I could see that happening. I am not holding my breath on getting Bamba, though. But if we don’t get him I guess there will be opportunity for our other young big guys to step up around Moe. Would love to see Wilson back but if he can get paid, you can’t knock the decision.

  • AC1997

    This once again reinforces my belief that the NCAA should adopt either the hockey or baseball draft rules for basketball. It makes roster management tricky for coaches, but it overall will benefit everyone:
    — Players can come back to school if they don’t like where they are drafted
    — Quality of NCAA games will improve with more kids staying longer
    — NBA gets to use the NCAA as more of a minor league and thus develop more kids rather than having to keep them on their bench or hope the NBDL works okay
    — NCAA viewership may increase since NBA fans can watch their draft picks while still in college

    The NCAA already has two blueprints in their other sports for how it could potentially work….it should be a relatively easy thing to figure out.

  • Justin

    I really don’t see the scouts liking Wilson over Wagner. In fact I don’t even think it’s close for me. Wagner shot a higher percentage from 2 and 3, and if you compare per 40 numbers also out rebounded Wilson. Add to the fact that Wagner is a full year plus younger and it’s a no brainer. That said neither rebounds well enough, Wilson is extremely soft, and Wagner fouls far too much and forces things a bit too much. Both could benefit from an extra year without question but there’s also lots of risk in coming back for both guys. Certainly not an easy decision but hopefully the combine pushes them fully in one direction or the other and doesn’t leave them as bubble 1st round guys.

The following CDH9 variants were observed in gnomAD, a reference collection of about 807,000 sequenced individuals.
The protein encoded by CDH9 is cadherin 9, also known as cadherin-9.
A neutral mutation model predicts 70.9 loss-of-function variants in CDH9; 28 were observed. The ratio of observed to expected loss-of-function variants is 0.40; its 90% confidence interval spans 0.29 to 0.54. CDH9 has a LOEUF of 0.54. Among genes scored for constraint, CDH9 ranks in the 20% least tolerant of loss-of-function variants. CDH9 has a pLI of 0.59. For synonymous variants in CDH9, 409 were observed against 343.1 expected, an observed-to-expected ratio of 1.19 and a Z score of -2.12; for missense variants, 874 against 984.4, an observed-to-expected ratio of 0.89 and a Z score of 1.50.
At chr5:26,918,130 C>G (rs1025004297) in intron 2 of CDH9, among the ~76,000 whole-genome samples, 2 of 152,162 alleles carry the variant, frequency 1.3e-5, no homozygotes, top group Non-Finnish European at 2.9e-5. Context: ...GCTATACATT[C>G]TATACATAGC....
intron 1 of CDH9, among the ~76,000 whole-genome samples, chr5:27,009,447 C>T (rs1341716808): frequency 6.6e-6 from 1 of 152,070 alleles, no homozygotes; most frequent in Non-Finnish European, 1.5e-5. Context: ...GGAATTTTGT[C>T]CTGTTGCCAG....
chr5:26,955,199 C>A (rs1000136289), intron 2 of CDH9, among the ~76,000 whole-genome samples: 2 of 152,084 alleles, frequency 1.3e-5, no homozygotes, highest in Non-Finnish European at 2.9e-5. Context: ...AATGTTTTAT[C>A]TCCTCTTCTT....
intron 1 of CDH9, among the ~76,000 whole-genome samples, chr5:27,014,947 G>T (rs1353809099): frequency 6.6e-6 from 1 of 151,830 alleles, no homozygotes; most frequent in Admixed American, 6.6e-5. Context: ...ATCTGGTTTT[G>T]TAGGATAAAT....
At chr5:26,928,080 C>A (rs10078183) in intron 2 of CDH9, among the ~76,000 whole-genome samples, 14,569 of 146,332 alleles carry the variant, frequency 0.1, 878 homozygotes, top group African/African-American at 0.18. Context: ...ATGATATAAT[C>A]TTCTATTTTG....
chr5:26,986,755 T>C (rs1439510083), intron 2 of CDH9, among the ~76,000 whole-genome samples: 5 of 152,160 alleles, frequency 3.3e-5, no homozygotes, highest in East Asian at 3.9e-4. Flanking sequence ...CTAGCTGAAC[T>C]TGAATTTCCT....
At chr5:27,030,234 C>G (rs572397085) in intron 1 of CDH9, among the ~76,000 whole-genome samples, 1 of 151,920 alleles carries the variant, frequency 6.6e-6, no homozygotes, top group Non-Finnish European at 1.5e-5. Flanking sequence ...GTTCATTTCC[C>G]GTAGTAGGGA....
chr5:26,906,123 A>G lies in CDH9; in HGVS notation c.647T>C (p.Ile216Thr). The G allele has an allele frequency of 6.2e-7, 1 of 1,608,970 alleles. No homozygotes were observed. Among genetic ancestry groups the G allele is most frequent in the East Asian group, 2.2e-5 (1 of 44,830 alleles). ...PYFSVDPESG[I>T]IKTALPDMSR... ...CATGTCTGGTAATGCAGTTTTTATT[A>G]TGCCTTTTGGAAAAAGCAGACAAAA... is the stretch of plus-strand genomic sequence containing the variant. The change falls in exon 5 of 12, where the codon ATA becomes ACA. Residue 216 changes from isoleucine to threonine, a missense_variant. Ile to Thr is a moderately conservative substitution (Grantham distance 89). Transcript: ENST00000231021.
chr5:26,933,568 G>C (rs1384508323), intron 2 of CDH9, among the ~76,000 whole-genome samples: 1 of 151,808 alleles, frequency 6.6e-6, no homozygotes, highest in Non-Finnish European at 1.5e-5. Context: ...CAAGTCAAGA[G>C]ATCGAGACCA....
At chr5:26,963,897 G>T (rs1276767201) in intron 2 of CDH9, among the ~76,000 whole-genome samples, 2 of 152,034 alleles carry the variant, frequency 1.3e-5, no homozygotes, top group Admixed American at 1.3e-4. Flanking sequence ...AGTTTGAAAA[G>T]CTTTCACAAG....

• AC1997

      I think they both have a lot to work on before they could contribute at the NBA. The issue is that the NBA loves to draft based on potential. I think they see Wilson as a 6’10” combo wing who can shoot and is athletic. (I personally think he needs to improve his handle, his rebounding, and his ability to create his own shot to be a wing in the NBA.) In Wagner I think they see him as being a bit small to play center even in today’s NBA so he’s a PF, in which they don’t see him being as athletic as Wilson. I think Wagner needs to improve his athleticism, rebounding, and physicality to contribute in the NBA.

      I’d love to see both tackle those improvements playing 30mpg for Michigan than in the NBDL.